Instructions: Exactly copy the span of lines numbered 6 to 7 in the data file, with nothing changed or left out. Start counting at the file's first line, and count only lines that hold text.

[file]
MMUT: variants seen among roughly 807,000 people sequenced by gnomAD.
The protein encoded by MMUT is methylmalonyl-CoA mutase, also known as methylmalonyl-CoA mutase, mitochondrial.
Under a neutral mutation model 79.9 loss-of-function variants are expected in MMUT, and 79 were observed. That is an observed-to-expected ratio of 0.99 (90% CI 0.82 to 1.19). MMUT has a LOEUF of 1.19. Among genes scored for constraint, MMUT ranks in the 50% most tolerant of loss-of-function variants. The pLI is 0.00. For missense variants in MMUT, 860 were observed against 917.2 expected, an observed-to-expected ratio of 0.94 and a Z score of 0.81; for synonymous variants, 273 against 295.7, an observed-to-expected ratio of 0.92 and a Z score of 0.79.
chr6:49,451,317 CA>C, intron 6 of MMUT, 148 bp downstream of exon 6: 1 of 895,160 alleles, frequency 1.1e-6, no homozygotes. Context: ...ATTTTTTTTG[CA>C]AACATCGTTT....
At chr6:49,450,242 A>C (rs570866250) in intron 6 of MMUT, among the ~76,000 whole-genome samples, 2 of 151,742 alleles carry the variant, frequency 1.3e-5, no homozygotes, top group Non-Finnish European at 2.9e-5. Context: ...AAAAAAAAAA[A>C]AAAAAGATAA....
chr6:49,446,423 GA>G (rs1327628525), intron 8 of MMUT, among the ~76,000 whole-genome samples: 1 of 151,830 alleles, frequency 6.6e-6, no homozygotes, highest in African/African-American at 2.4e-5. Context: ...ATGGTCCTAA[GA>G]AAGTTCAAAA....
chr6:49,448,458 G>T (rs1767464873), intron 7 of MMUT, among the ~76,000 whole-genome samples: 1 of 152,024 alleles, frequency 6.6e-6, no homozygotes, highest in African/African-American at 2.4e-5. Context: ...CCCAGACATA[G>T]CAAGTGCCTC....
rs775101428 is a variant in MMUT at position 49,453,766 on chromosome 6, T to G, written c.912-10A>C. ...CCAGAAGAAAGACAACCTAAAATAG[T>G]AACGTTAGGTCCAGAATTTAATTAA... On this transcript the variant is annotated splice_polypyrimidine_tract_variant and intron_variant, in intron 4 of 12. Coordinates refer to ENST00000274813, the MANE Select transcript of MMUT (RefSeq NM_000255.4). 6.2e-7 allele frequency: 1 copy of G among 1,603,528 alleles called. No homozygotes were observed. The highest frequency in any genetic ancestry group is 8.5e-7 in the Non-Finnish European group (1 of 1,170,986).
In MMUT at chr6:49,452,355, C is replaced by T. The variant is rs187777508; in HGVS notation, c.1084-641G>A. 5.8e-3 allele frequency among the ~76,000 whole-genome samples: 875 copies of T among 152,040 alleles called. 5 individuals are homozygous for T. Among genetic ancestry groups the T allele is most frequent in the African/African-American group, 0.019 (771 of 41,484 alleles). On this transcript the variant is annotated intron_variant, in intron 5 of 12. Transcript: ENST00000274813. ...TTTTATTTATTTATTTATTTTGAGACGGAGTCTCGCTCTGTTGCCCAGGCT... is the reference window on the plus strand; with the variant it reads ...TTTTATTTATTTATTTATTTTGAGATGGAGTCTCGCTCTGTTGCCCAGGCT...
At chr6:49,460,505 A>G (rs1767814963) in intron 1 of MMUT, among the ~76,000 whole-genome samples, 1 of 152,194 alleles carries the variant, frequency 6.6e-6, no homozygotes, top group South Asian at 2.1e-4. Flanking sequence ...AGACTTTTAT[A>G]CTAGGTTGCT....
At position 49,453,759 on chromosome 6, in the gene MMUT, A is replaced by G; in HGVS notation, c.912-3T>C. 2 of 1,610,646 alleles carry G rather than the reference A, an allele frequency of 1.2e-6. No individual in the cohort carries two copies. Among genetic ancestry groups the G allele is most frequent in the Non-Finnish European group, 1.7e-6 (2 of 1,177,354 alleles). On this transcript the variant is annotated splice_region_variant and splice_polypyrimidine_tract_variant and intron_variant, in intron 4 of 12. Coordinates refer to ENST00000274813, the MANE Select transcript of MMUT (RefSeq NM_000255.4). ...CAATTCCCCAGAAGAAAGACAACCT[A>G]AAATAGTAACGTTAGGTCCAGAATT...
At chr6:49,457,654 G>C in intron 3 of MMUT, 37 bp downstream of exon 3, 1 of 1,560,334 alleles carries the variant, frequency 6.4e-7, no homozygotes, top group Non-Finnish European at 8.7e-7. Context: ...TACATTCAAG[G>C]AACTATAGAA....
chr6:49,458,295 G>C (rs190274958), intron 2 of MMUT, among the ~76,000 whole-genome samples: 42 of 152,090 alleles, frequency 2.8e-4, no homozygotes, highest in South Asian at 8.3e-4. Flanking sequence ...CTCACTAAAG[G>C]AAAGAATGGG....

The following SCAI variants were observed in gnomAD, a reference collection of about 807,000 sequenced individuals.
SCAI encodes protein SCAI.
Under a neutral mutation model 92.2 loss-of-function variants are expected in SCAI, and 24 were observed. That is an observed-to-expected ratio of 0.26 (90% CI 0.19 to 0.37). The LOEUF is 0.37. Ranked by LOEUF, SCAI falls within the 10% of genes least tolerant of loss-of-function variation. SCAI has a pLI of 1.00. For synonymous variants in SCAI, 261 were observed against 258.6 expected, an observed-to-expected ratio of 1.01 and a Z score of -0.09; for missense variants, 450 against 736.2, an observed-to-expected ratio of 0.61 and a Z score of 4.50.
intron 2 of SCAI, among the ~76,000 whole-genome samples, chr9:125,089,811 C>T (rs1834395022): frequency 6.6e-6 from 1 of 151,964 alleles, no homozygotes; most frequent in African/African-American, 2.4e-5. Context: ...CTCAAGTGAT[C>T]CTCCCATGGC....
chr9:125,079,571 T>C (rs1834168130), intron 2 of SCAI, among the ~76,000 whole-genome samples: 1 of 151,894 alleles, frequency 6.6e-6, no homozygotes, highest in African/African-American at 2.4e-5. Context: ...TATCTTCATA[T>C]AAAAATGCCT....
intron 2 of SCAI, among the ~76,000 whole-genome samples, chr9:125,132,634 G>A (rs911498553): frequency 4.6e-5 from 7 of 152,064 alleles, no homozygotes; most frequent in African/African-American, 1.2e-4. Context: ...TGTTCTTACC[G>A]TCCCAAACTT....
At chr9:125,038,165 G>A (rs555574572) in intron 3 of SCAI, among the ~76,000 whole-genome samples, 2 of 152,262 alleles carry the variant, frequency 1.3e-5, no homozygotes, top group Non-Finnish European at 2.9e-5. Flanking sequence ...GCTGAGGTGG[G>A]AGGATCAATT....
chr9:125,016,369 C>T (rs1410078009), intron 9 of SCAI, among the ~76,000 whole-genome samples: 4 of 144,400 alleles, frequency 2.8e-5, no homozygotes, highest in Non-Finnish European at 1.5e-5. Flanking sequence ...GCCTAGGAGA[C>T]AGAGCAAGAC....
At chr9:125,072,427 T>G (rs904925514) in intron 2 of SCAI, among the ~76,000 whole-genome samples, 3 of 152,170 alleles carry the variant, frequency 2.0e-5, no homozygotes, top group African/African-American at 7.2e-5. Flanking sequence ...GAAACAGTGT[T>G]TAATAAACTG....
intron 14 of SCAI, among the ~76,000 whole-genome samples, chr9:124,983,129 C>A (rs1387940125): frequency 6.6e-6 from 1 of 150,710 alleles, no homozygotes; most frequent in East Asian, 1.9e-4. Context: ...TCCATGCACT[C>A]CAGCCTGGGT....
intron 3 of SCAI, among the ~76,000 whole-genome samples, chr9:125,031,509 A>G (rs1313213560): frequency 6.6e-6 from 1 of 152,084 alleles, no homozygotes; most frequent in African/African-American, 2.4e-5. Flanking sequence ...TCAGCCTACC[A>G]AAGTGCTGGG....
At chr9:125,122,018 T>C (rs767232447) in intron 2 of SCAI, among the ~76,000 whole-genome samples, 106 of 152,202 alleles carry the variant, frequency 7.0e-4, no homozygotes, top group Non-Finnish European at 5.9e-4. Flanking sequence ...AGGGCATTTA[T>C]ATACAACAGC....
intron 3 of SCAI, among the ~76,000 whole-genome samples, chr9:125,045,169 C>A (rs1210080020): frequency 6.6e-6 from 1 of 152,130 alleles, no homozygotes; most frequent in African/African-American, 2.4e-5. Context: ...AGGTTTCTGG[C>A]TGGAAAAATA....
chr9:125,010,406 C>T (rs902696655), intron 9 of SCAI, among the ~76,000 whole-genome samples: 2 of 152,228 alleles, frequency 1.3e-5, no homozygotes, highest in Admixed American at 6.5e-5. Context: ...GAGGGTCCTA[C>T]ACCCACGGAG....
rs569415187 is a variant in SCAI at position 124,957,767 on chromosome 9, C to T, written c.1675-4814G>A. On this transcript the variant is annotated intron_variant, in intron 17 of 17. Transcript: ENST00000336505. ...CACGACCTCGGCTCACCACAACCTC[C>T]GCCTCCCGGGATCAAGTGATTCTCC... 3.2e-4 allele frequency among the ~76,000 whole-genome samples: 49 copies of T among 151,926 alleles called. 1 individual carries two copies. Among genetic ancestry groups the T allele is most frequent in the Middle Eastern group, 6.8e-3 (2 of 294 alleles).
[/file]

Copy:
chr6:49,446,423 GA>G (rs1327628525), intron 8 of MMUT, among the ~76,000 whole-genome samples: 1 of 151,830 alleles, frequency 6.6e-6, no homozygotes, highest in African/African-American at 2.4e-5. Context: ...ATGGTCCTAA[GA>G]AAGTTCAAAA....
chr6:49,448,458 G>T (rs1767464873), intron 7 of MMUT, among the ~76,000 whole-genome samples: 1 of 152,024 alleles, frequency 6.6e-6, no homozygotes, highest in African/African-American at 2.4e-5. Context: ...CCCAGACATA[G>T]CAAGTGCCTC....